Greater Montreal Area

In the fourth quarter of 2019, the aggregate price of a home in the Greater Montreal Area increased 6.3 percent year-over-year to $433,993, the highest rate of appreciation since the fourth quarter of 2010. High demand coupled with low inventory fueled two-storey and bungalow home prices as their median prices rose 7.2 percent and 5.9 percent respectively to $548,374 and $336,981. The median price of a condominium in the region increased 4.4 percent year-over-year to $338,148, posting the lowest increase among the three property types surveyed in the fourth quarter.

“The fourth quarter is historically the least active, but demand remained intact until the end of the year in the Greater Montreal Area,” explained Dominic St-Pierre, vice-president, and general manager of Royal LePage for the Quebec region. “This increased competition has not only reduced inventory, but it has also changed seller behaviour. Sellers are more likely to wait until they find their next home before listing their current home. At this point, the seller is experiencing the same frustration as the buyer with little selection to choose from and escalating prices. This exacerbates the inventory problem.”

St-Pierre added that the upward trend in price appreciation over the past three years in the region stems from the continued good economic performance driving growth in demand across all buyer segments.

“We are currently in a ‘perfect storm’ for an exceptionally competitive spring market: interest rates are low; employment rates are healthy; listing inventory is limited; and, all buyer segments are active, including first-time buyers, baby boomers, newcomers and foreign buyers,” said St-Pierre.

Greater Vancouver

While Greater Vancouver continued to show a year-over-year decline in home prices, the fourth quarter showed signs of a market-moving towards recovery. The aggregate price of a home in Greater Vancouver decreased by 4.8 percent year-over-year to $1,107,719 in the fourth quarter of 2019. In comparison, in the third quarter of 2019, the aggregate price of a home in the region had decreased 5.2 percent compared to the same period in the previous year.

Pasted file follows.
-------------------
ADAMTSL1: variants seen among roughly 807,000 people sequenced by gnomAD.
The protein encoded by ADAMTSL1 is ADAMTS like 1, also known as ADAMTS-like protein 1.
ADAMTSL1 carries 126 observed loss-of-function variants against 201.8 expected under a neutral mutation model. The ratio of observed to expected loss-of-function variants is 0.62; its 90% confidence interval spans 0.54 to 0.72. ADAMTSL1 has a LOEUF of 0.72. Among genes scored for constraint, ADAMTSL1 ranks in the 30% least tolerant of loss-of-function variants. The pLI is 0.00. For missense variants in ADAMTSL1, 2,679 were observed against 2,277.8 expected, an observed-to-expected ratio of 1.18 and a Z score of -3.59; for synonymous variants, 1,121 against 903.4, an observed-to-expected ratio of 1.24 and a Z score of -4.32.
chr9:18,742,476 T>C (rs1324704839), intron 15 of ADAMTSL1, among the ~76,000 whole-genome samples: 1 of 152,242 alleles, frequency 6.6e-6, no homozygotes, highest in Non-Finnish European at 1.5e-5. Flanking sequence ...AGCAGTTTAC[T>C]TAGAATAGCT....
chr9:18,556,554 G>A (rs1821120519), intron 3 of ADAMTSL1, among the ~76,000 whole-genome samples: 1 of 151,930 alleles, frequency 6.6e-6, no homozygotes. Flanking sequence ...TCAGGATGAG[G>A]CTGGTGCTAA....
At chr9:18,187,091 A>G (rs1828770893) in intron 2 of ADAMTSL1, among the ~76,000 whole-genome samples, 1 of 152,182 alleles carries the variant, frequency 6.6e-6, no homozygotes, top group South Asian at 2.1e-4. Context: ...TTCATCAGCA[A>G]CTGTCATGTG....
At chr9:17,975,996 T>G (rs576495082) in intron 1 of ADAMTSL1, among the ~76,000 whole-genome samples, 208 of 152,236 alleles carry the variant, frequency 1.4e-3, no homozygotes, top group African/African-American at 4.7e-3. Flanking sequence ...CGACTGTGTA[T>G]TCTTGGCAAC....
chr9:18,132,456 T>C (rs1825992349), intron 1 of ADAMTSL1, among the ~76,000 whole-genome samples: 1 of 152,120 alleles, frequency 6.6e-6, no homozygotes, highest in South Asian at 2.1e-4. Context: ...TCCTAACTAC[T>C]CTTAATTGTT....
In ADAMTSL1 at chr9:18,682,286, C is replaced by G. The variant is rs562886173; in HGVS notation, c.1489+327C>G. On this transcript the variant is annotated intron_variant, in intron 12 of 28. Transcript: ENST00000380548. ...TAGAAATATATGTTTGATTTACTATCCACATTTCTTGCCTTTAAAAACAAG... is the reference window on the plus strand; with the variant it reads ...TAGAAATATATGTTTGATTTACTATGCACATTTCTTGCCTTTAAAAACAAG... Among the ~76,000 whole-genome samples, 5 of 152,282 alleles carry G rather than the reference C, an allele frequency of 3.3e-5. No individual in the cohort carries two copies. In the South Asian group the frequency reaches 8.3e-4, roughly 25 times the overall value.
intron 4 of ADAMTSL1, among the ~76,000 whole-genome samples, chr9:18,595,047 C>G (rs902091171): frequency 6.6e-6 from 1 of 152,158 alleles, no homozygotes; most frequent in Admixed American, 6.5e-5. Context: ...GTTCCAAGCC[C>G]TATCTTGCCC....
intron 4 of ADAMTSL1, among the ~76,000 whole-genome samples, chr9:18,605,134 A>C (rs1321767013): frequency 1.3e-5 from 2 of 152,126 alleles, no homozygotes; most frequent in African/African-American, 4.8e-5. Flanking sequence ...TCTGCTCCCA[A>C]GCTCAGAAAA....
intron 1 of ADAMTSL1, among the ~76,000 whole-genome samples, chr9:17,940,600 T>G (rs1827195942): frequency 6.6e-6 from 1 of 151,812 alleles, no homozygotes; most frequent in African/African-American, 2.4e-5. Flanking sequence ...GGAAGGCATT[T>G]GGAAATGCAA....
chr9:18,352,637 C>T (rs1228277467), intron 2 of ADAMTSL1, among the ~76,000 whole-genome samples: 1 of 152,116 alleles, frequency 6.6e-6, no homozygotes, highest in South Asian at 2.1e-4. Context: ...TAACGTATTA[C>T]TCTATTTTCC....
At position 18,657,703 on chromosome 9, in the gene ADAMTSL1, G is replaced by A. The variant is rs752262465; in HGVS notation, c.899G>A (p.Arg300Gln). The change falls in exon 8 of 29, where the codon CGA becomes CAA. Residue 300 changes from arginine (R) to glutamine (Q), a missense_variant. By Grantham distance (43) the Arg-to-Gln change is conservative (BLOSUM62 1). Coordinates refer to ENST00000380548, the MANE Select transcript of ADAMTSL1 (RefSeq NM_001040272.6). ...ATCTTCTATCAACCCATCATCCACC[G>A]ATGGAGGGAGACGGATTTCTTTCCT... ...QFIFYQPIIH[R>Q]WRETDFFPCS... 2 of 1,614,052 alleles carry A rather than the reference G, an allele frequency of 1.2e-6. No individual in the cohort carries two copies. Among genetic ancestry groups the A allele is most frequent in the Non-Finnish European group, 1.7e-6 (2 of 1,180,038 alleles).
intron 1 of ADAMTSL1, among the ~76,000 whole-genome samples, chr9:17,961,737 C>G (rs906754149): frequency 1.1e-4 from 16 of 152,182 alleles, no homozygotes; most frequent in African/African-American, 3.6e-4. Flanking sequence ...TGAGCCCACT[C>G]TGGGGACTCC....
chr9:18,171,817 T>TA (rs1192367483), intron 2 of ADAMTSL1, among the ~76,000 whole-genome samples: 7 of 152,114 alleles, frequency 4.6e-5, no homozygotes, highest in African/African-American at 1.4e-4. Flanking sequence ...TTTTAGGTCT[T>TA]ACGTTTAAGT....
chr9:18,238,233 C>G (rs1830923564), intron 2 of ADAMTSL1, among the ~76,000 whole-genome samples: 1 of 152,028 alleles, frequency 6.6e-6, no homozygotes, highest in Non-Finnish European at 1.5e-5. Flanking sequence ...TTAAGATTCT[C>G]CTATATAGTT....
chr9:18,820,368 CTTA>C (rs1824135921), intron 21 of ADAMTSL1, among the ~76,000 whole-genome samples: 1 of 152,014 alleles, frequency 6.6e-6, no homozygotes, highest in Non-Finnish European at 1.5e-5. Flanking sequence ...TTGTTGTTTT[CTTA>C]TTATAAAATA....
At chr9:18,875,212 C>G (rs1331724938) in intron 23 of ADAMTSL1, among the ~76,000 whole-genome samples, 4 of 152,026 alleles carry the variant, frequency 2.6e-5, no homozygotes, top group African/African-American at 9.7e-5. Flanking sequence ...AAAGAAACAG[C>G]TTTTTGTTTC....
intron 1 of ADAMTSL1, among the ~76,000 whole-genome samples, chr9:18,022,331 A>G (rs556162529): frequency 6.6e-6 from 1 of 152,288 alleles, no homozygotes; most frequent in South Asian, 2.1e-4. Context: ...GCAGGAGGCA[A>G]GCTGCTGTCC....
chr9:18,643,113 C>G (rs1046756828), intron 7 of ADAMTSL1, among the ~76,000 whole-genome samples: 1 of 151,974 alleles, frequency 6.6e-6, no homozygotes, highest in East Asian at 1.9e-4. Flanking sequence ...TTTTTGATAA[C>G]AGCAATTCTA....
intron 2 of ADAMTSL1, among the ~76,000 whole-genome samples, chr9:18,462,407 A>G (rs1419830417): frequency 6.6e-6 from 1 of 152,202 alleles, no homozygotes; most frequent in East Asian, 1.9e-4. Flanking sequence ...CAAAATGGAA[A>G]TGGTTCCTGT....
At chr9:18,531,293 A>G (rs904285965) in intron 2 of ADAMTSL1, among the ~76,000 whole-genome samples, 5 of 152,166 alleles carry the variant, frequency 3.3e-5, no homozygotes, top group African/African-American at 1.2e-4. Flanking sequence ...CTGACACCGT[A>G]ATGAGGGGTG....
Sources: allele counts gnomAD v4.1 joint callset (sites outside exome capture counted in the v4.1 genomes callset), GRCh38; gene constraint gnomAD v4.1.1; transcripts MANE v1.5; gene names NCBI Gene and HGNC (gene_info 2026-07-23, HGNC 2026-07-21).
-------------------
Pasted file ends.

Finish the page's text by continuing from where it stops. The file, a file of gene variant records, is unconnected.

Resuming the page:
Broken out by housing type, the median price of a standard two-storey home and bungalow in Greater Vancouver decreased 4.7 percent (-4.2% in Q3) and 6.7 percent (-7.6% in Q3) year-over-year to $1,443,918 and $1,195,003, respectively, while the median price of a condominium in the region decreased 3.4 percent (-5.9% in Q3) year-over-year to $645,607.

“Sales volume is up and inventory is decreasing. This is a good sign of a recovery on the horizon,” said Randy Ryalls, general manager, Royal LePage Sterling Realty. “We’re likely to see some moderate price growth after last year’s decline in prices. The window of opportunity for buyers to get a deal is closing quickly for most typical buyers. There remain some excellent opportunities in the luxury market.”